In the fading light, eight foot tall azalea July Jewel lights up as if it was covered by glowing coals, its sweet and spicy scent ravishing in the coolness at the end of a long summer day. It is the gloaming.
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Monday, June 18, 2007

Elegance in The Garden... Polygonatum Falcatum

Polygonatum falcatum oozes class and refinement without even trying, with its elegant architectural leaves and its lovely, understated flowers. The genus Polygonatum (po-lig-oh-NAY-tum), the Solomon's seals, is comprised of about fifty species. Falcatum is sometimes called dwarf Solomon's seal; it is certainly smaller and more delicate than our native American P. biflorum, but still it can reach two feet or so... not quite my definition of dwarf. Myself, I'd reserve the term dwarf for another species, P. humile, which only reaches about six inches... this latter, smaller Solomon's seal, in contradistinction to its modest stature, has its sights set on taking over my shady garden... introduce it to your garden with your eyes wide open (I find it amusing that the Heronswood catalogue offers humile and describes it as "rare"... they haven't toured my garden). Polygonatum falcatum is also called Japanese Solomon's seal, and that seems a more fitting name, as it is very common in that country. A number of clones are commercially available with variegated foliage, but as is often seen with plant varieties coming from Japan, the prices are in the "gulp" range... something to do with the yen/dollar exchange rate, I guess.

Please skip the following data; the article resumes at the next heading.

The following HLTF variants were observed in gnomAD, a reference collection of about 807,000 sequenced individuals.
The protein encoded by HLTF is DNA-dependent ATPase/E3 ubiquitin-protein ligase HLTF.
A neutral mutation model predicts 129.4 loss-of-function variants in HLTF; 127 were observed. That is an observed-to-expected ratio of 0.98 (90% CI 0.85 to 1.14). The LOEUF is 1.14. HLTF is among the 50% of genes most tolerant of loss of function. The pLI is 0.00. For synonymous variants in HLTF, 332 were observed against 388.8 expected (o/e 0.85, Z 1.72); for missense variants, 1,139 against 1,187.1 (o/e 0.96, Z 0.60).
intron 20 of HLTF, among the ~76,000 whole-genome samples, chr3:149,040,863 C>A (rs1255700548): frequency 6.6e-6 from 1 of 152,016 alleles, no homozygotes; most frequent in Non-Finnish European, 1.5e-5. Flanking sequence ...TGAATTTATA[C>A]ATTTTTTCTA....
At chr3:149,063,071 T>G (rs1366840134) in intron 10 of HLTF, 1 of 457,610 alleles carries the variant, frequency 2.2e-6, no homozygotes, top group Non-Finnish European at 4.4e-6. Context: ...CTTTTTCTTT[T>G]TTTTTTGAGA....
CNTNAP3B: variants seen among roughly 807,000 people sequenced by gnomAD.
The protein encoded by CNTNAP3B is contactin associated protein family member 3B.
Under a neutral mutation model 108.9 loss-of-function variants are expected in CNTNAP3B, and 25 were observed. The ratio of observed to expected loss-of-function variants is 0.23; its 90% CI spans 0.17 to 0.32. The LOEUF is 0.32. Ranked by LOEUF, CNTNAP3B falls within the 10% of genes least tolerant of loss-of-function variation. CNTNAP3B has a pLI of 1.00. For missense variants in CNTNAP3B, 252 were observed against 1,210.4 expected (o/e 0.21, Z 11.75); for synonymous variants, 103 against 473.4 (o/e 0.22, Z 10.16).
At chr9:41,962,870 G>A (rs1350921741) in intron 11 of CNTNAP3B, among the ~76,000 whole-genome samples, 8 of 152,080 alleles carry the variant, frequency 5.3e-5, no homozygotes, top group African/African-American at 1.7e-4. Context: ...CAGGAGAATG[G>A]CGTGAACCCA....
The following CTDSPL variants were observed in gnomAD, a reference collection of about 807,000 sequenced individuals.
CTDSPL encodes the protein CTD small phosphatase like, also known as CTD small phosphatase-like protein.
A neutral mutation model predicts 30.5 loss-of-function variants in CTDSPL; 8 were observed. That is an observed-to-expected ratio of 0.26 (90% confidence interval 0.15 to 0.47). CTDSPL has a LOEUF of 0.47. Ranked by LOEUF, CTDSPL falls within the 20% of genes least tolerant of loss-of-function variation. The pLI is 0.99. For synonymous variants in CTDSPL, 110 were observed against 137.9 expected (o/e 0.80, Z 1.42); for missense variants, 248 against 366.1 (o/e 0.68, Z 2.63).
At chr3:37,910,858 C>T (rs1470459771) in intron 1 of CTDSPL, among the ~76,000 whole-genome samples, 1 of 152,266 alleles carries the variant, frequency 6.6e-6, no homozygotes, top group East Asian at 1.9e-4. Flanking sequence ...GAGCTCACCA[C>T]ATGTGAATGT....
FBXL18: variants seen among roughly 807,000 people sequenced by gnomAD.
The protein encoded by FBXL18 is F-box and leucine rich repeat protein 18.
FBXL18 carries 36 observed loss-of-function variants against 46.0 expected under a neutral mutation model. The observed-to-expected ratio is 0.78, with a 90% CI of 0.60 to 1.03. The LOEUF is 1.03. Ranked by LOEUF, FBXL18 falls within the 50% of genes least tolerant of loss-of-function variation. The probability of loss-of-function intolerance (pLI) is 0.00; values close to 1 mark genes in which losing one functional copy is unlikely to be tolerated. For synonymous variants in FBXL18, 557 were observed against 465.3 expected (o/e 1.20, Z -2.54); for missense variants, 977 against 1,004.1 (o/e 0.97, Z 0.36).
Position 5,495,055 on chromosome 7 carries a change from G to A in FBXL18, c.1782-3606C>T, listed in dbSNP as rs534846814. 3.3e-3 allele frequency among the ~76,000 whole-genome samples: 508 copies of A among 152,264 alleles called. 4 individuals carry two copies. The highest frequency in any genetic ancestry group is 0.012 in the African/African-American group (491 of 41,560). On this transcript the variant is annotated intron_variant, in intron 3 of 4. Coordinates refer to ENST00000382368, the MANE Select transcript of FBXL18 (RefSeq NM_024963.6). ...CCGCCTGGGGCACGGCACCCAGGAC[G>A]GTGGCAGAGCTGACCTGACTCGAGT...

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Sunday, June 17, 2007

Aroids, Part XV... Arisama Heterophyllum

In our garden, Arisama heterophyllum has to be the ultimate Jack in the Pulpit; four feet tall and massive in appearance, it hails from China and is often called the dancing crane; an appropriate name, as it looks like a giant bird holding its wings out as it struts. I've found this plant needs plenty of water when its growing, as it just leaps out of the ground, raising this huge plant in two weeks.
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Saturday, June 16, 2007


Living in the woods is an (almost) unmitigated delight... there are a few minor glitches. Liz has invited a bunch of people from work over this afternoon, so I decided I'd just make sure leaves hadn't blown into our front door entryway. This four inch across fishing spider was splayed across the front door, snoozing. It was gently deposited in a nearby flower bed. We probably would have wondered why nobody showed up for the party.
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Thursday, June 14, 2007

In Our Back Ravine...

I admit it, I'm a big softy.
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Wednesday, June 13, 2007

Dracocephalum... Little Blue Dragon

I'll have to admit, over the years I've picked up a lot of little botanical odds and ends that I'm not completely sure I know the identity of and often I don't quite know what to do with them (though calling my garden Fibber Mcgee's closet, as one garden visitor did, I feel is a little bit of an exaggeration... if the reader is young, you'll probably have no idea why somebody would compare my garden to a closet in the first place). Anyway, this is one of my oddments... it carries a fading label that identifies it as "Dracocephalum arguense". It obviously should be spelled argunense, but I'm not sure that would be any closer to the truth, as the foliage of that species is rather leathery and needle-like, from what I can gather, whereas my plant has rather delicate light green leaves.
It certainly is a dracocephalum, an interesting little genus of so-called "dragonheads" from Europe and Asia. My plant is about eight inches tall and forms a loose clump; it's that awkward size that's too big for a rock garden plant, but too small and delicate to hold up in a border.
I'm a sucker for lavender blue flowers, so it's in no danger of being ousted, but it has to make do with a little spot of sun in front of an azalea... not much respect for a dragon.
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Tuesday, June 12, 2007

Aroids, Part XIV... Arisaema Urashima